Fighting the Flood, 1954

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While rain is seen as a great blessing by those who go through the scorching heat of summer in India and Pakistan, it can, on occasions, turn into a challenge for day-to-day life. 

If rainfall exceeds a certain limit, the whole infrastructure of the affected region not only comes to a standstill but can be left devastated. Casualties and fatalities create an even more horrific situation. 

Although such situations are not rare in Pakistan, we go back in the annals of history to see how Ahmadis have always been at the forefront of serving humanity, despite being treated in the most inhumane way in countries like Pakistan.

September 1954 brought with it rainstorms in the Punjab Province of Pakistan that left the whole Province paralysed. The whole province of Punjab, known as the “Granary of Pakistan”, drowned not only in flood water but also in a situation of social chaos by the loss of life and property. The province was declared a “calamity area” by the authorities on 25 September 1954 as rain-swollen rivers threatened the worst floods in the history of the region. The death toll by that day had already hit 50 but weather forecasters had warned of much worse rainstorms and much worse consequences. The forecast proved right with a sharp rise in casualties and temporary houses and refugee huts being wiped off in thousands.

The army was called in to assist the civil authorities in strengthening the embankments of the four Punjab rivers – the Jhelum, Chenab, Ravi and Sutlej – that had surged above danger levels. 

This flood was of such a grand-scale that newspapers all over the world reported on it regularly. Taking you to the corners of the earth, we present here an excerpt from The Advocate – a Tasmanian newspaper. Reporting on the atrocities, The Advocate mentions that “thousands have already evacuated low-lying areas around Lahore and volunteers are fighting desperately to save wheat storage depots near Lahore, where the rising Ravi River has threatened the precious wheat supply.”

Now let’s have a look at who those volunteers were – risking their lives to save others. A great majority of this volunteer force comprised of Ahmadi youth from various parts of Punjab, mainly from the Khuddam-ul-Ahmadiyya of Lahore.

The then Qaid of MKA Lahore, Muhammad Saeed Ahmad Sahib, organised a relief scheme combining the Khuddam of Lahore and the ones that had travelled from elsewhere to volunteer for. Funds were raised for the relief effort by a great number of Ahmadis in Pakistan with a special, personal donation of five-hundred rupees by Hazrat Khalifatul Masih IIra

The instruction sent to MKA Lahore from the Markaz was:

“As the Khuddam are aware, Punjab is struck by horrific floods. Khuddam should be ready to make every sacrifice and provide all sorts of aids to their neighbours. Saving lives should be the first priority. Services should be offered to the local authorities. Doctors and paramedics should come forward to provide first aid while others should contribute through donations and offering shelter in their own homes; this is the time to offer sacrifices and it would be unfortunate to be stay behind”. (Al Fazl, 1 October 1954, Letter from Naib Sadr Majlis Khuddam-ul-Ahmadiyya Markazia)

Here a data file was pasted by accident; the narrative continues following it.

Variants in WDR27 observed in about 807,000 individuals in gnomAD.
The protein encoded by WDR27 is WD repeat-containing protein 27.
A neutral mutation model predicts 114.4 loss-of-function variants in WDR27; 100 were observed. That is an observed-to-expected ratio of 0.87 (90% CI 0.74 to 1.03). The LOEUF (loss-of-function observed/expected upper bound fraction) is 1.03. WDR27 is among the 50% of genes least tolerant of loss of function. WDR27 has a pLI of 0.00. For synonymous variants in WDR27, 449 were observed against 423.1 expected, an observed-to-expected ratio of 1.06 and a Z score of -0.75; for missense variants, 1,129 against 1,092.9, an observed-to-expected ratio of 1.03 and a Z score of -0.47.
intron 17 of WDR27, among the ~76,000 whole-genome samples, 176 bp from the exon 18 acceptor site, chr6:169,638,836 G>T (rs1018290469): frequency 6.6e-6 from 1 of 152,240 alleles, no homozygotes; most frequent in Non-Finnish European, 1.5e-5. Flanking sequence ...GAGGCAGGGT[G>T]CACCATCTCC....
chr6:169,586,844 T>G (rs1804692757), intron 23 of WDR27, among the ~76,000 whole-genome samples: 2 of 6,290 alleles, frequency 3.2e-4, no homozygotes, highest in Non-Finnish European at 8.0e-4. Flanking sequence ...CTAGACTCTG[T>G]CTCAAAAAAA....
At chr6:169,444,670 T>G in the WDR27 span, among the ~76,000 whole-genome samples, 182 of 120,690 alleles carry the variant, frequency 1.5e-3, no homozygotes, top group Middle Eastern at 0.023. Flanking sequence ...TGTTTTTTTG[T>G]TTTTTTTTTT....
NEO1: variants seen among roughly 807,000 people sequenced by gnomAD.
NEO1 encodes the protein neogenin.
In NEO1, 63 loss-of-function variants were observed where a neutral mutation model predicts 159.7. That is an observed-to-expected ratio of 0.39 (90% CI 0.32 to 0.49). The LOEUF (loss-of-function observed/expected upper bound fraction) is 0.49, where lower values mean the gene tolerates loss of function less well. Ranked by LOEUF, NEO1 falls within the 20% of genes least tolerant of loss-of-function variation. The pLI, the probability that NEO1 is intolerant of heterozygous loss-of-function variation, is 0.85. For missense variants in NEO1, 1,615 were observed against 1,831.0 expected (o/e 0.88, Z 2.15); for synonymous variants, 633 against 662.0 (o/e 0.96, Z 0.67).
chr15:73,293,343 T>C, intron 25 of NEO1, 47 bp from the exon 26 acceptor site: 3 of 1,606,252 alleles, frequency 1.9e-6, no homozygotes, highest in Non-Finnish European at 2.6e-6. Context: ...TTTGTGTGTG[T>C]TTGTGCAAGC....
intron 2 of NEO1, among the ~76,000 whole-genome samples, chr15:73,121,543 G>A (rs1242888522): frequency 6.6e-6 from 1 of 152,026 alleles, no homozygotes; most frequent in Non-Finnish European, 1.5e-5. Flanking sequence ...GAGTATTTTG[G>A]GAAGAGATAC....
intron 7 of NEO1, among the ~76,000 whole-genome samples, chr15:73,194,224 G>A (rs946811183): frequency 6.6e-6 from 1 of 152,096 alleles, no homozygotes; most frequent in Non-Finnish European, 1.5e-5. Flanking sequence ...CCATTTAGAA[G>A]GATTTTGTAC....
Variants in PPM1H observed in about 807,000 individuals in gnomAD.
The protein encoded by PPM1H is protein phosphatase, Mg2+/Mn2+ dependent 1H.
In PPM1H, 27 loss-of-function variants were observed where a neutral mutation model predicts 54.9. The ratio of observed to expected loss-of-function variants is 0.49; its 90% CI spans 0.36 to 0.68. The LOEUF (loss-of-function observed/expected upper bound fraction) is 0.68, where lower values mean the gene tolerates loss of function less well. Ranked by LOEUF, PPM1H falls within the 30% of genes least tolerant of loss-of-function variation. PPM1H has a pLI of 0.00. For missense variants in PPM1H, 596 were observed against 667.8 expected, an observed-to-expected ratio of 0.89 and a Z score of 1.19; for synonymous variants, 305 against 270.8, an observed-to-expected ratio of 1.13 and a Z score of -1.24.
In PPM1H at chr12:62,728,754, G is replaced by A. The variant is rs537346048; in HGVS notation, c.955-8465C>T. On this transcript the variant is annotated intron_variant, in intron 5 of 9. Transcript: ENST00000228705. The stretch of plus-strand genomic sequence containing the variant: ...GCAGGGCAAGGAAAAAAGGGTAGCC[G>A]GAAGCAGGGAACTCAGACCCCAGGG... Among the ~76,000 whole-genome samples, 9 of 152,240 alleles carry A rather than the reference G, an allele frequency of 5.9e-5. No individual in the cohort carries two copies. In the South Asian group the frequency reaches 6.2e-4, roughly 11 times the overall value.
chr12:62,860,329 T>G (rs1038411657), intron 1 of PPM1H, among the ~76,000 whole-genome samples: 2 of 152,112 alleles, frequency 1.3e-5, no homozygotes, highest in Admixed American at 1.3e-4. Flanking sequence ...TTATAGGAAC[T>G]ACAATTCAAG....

The Khuddam, ready as always, offered all sorts of sacrifices to relieve the calamity-stricken families and individuals. Groups were formed and allocated various responsibilities; visiting hospitals, providing foods to families in affected areas, assisting the civil authorities in strengthening embankments and, above all, rescuing those stuck in the danger zones.

Ahmadi doctors and paramedics continuously visited those who were unable to make it to hospitals, providing first aid, medicines and finding ways to get them to hospitals for further treatment.

These services, highly commended by the Relief Commissioner of Punjab and other government bodies, continued for a period of a few months up to the time when the situation had come under control and had returned to normal. 

Hazrat Khalifatul Masih IIra, addressing the MKA Ijtema in 1954, commended these humanitarian services in the following words:

“The services rendered by Ahmadis of Lahore [during the recent calamity] was tremendous … Ahmadis from other parts of the country also contributed but Lahore has attained a high standard”.

Addressing the Jalsa Salana Rabwah on 27 December 1954, Hazrat Khalifatul Masih IIra said, “The way you served humanity in Lahore has left everyone – Ahmadis and non-Ahmadis – spellbound.”

Huzoorra commended the services again in his speech to the Jalsa Salana the next day on 28 December 1954:

“It is without doubt that the Khuddam-ul-Ahmadiyya of Lahore had breathed a new life in the Jamaat of Lahore, and the credit for this goes to their Qaid, Muhammad Saeed Ahmad Sahib and four or five of his associates. Not only did Majlis Khuddam-ul-Ahmadiyya render a great service for humanity but also contributed in making the Jamaat known to the general public. I commend the work of Majlis Khuddam-ul-Ahmadiyya Lahore and hope that all Majalis will endeavour to exceed one another.”

By the sheer Grace of Allah, Jamaat-e-Ahmadiyya, under the leadership of Khilafat, has excelled in humanitarian services in not only Pakistan but all parts of the world. Humanity First’s telethon over the weekend is one aspect of these services.

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